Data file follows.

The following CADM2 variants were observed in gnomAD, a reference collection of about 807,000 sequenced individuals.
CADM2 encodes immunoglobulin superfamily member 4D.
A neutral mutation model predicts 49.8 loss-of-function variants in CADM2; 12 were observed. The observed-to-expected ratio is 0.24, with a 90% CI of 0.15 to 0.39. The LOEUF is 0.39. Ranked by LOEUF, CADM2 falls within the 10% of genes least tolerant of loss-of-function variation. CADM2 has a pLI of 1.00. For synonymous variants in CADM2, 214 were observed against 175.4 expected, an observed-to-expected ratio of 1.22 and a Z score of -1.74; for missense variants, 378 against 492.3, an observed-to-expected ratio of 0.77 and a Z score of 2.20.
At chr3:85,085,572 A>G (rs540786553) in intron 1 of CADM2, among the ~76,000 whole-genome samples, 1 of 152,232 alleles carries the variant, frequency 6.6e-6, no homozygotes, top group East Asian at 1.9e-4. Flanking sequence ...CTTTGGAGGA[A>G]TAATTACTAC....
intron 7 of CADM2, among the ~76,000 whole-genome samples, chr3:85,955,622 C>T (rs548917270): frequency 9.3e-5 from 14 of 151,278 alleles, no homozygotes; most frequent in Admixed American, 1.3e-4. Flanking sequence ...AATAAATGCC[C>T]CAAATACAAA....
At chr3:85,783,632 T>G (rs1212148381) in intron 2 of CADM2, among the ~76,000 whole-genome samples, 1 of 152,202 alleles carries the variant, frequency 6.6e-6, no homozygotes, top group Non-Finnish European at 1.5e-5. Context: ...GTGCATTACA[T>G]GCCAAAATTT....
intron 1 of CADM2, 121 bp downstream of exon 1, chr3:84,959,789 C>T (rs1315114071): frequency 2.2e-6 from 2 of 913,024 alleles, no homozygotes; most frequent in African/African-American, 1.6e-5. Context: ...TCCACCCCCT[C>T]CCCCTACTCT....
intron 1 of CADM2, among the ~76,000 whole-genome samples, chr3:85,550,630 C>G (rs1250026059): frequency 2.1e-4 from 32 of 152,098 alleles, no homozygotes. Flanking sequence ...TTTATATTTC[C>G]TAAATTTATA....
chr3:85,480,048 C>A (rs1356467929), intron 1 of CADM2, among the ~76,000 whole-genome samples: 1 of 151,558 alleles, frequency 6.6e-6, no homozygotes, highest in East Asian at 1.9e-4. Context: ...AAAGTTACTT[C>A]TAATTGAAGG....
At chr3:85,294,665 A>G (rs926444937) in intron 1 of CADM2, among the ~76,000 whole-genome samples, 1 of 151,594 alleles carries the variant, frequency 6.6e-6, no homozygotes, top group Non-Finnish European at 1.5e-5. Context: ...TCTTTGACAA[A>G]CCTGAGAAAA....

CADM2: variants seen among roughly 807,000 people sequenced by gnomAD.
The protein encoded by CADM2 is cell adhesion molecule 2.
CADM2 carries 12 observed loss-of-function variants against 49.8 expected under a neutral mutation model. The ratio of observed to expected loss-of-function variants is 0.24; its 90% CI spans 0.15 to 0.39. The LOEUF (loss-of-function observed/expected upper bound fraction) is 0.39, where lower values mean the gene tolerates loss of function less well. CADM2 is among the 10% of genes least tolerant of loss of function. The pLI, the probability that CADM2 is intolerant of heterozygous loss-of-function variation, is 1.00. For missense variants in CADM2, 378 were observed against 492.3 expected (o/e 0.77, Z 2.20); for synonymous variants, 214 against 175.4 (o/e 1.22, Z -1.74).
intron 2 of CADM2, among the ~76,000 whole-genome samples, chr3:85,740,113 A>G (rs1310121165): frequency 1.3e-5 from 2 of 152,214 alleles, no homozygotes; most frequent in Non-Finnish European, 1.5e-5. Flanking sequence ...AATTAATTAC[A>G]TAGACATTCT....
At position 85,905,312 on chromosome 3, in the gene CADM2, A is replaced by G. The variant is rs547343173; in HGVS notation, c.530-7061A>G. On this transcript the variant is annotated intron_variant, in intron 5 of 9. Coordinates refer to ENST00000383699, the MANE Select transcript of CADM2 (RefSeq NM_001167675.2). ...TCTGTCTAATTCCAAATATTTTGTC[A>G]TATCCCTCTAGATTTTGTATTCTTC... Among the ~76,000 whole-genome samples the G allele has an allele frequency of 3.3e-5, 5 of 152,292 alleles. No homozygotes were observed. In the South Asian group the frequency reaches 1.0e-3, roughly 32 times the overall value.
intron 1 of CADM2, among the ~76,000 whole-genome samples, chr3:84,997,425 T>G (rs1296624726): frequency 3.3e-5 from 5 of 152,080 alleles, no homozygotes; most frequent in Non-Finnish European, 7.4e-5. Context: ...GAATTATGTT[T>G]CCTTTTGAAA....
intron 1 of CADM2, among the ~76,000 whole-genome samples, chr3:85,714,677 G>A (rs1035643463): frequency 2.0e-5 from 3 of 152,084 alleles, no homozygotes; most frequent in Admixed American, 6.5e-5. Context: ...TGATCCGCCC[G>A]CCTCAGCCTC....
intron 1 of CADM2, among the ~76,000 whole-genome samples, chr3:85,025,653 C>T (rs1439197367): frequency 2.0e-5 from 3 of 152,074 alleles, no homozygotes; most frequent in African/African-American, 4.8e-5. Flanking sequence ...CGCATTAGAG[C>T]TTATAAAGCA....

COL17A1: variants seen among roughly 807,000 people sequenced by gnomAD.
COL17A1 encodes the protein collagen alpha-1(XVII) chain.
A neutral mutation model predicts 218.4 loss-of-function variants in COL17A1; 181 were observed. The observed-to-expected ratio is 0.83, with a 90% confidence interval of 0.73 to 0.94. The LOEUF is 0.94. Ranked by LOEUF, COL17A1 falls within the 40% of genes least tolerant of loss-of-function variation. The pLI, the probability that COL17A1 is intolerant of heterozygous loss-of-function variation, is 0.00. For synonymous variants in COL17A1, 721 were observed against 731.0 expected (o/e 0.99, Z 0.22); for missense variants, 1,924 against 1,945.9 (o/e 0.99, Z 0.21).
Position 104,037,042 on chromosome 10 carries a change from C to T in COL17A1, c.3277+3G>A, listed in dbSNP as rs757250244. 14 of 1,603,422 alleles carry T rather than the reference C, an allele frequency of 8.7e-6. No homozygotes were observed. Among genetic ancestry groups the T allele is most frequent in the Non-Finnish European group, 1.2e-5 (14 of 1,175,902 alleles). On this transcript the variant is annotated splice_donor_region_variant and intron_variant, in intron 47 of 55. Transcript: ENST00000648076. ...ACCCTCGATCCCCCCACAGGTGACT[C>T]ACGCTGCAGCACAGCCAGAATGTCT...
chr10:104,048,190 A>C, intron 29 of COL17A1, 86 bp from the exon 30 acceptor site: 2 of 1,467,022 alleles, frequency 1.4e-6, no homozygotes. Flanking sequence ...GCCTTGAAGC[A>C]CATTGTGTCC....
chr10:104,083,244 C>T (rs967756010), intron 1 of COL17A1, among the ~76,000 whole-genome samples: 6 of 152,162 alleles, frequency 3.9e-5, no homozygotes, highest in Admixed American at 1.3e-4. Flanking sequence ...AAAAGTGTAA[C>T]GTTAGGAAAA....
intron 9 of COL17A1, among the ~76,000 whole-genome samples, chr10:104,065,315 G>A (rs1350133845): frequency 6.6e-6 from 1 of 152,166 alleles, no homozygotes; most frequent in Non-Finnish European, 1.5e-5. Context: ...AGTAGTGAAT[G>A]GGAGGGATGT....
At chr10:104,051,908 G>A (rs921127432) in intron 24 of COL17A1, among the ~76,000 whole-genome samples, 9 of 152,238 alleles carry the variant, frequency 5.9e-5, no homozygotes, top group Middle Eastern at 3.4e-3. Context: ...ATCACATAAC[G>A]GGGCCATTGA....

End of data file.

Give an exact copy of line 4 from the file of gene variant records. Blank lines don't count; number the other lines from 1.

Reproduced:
At chr3:85,085,572 A>G (rs540786553) in intron 1 of CADM2, among the ~76,000 whole-genome samples, 1 of 152,232 alleles carries the variant, frequency 6.6e-6, no homozygotes, top group East Asian at 1.9e-4. Flanking sequence ...CTTTGGAGGA[A>G]TAATTACTAC....